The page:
An 11-year-old boy who was admitted to AIDS on July 2 died of bird flu on Tuesday. Contacts are being made to identify people who may be in close contact with the boy.
Here’s what you need to know about bird flu or avian influenza:
- What is bird flu or avian influenza?
Not all avian influenza viruses can affect humans. However, some of them can cause serious diseases. Avian influenza H5N8 virus, commonly known as bird flu, is one of them. It attacks the lungs, nose and throat. It has symptoms like an infectious respiratory illness and a common cold
Early stages: Sore throat, sneezing, runny nose
Later stages: fever, muscle aches, chills, sweating, headache, dry cough, nasal congestion, weakness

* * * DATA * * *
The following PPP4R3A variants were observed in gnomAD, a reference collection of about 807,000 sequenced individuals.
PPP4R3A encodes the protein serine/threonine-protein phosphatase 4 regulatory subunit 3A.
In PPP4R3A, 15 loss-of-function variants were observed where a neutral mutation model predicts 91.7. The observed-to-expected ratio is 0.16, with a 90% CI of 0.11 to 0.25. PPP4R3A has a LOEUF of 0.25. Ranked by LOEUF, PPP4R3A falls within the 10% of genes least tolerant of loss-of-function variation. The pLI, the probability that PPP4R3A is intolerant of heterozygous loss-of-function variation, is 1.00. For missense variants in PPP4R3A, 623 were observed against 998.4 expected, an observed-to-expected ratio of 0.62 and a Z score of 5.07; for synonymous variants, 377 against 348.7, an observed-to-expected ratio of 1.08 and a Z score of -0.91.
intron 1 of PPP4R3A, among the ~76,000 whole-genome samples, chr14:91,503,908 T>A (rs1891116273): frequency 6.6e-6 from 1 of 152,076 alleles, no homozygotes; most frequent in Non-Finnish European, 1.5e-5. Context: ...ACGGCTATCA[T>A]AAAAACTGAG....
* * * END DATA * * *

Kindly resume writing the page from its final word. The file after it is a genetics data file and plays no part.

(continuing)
- High risk group
Children under 2 years of age and over 65 years of age
Those who have comorbidities
Women who are pregnant or have recently given birth
- How Humans Can Be Infected
It is not uncommon for bird flu to spread from person to person. People who work in close contact with infected birds, dead or alive, or eat cooked or half-cooked poultry are at risk.
- Direct contact (most common)Humans can become infected after touching an infected bird and touching its eyes, nose or mouth
- Regulated protection
A healthy-looking bird can spread the virus by landing on its surface
- Air viruses
It can stay in the air in the form of droppings or dust after fluttering the wings of an infected bird. People can get the virus if they inhale it
- Bird-to-bird transmission
Some bird species, such as ducks and geese, are considered natural reservoirs of influenza-type viruses. They can spread the disease through their drops.
- How to stay safe
Avoid direct or close exposure to infected poultry.
CookingUndocumented or partially high heat cooking kills chickens and eggs